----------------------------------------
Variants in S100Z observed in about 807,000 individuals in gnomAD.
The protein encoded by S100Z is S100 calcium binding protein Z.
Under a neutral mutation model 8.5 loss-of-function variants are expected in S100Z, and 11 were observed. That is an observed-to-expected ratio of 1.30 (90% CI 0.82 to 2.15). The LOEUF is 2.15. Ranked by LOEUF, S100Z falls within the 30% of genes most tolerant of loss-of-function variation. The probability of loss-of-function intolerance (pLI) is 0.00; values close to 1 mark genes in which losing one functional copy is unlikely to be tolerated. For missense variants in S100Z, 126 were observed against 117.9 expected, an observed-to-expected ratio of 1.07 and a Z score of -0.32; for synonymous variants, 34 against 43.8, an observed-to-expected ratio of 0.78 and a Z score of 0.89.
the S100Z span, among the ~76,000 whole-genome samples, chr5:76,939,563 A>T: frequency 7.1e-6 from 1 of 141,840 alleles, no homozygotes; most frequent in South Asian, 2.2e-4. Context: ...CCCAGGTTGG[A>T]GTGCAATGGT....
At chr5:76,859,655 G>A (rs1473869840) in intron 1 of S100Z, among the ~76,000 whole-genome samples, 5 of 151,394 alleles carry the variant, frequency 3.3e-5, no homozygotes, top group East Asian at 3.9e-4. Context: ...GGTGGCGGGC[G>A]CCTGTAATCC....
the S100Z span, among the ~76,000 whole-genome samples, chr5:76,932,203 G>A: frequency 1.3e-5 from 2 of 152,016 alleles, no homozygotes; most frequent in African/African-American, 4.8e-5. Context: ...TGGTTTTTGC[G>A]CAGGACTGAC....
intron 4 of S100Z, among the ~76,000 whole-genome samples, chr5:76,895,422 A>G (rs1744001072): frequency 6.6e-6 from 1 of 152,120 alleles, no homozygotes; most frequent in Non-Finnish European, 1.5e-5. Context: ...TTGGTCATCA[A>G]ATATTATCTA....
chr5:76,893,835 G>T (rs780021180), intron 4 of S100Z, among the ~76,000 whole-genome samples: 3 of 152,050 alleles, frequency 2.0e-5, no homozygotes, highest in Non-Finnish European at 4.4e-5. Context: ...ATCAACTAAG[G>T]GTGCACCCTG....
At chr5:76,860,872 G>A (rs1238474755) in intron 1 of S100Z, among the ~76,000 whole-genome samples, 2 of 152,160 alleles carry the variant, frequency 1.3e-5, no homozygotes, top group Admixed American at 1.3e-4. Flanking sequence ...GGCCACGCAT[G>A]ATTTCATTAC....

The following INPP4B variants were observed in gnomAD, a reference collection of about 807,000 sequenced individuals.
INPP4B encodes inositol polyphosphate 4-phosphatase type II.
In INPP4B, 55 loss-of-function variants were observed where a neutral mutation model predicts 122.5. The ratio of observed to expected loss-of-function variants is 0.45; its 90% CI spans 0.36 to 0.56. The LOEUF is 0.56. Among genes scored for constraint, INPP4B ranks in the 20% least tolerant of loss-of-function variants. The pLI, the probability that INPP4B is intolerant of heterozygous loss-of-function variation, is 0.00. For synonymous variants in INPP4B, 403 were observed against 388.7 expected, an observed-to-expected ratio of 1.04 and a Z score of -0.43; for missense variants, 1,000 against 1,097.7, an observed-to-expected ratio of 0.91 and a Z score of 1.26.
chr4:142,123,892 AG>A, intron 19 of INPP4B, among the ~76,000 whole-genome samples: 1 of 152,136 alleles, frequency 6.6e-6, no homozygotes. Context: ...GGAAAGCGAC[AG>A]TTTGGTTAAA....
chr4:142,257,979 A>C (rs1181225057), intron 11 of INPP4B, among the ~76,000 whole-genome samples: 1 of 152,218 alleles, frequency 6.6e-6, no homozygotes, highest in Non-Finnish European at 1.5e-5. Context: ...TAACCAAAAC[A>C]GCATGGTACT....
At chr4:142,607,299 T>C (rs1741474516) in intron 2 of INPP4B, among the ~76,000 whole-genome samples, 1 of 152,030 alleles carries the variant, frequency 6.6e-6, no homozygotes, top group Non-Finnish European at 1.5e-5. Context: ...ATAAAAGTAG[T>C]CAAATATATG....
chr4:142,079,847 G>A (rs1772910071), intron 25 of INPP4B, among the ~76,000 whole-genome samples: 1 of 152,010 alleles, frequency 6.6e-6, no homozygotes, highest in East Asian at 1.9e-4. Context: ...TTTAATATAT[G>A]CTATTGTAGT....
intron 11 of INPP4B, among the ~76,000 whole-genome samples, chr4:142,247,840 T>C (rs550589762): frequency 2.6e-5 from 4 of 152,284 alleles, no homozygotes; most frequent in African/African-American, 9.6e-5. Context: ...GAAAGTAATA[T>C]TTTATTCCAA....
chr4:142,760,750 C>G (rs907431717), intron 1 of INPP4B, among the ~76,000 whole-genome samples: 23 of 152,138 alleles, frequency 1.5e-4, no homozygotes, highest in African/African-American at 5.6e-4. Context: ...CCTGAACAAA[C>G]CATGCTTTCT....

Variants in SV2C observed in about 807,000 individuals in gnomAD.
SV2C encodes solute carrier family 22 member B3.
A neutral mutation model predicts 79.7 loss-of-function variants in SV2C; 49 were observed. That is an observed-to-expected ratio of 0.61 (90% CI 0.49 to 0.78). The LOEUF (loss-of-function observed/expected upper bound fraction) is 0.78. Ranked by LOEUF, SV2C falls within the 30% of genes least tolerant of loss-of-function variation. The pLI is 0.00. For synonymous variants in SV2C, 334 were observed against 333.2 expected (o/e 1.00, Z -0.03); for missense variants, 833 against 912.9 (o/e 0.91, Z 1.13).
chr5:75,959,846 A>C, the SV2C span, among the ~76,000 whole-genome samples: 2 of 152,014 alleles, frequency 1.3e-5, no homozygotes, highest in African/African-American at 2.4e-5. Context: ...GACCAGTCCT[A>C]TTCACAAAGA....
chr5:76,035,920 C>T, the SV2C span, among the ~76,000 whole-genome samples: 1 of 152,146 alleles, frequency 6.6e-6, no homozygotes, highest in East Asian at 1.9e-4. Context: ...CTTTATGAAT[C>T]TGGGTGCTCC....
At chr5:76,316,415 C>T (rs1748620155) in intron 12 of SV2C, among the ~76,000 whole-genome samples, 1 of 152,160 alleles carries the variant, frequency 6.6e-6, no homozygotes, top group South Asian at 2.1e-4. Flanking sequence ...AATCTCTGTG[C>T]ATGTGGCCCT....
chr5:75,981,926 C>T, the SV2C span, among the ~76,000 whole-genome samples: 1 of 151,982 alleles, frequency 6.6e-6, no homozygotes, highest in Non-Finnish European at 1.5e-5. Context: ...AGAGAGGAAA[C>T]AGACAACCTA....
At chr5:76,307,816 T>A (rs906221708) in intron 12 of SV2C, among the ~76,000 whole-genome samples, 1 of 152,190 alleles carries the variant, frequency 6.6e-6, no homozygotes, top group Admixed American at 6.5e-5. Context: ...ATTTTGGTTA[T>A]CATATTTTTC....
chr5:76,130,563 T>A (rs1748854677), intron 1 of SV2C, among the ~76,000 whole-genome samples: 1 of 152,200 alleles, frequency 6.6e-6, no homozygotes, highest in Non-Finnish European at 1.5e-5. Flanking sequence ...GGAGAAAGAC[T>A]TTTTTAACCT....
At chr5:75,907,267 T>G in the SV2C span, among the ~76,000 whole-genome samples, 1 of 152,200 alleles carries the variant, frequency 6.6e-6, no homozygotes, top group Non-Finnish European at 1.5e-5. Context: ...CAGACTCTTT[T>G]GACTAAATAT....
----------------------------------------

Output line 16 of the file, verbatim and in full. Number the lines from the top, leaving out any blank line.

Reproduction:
chr4:142,079,847 G>A (rs1772910071), intron 25 of INPP4B, among the ~76,000 whole-genome samples: 1 of 152,010 alleles, frequency 6.6e-6, no homozygotes, highest in East Asian at 1.9e-4. Context: ...TTTAATATAT[G>A]CTATTGTAGT....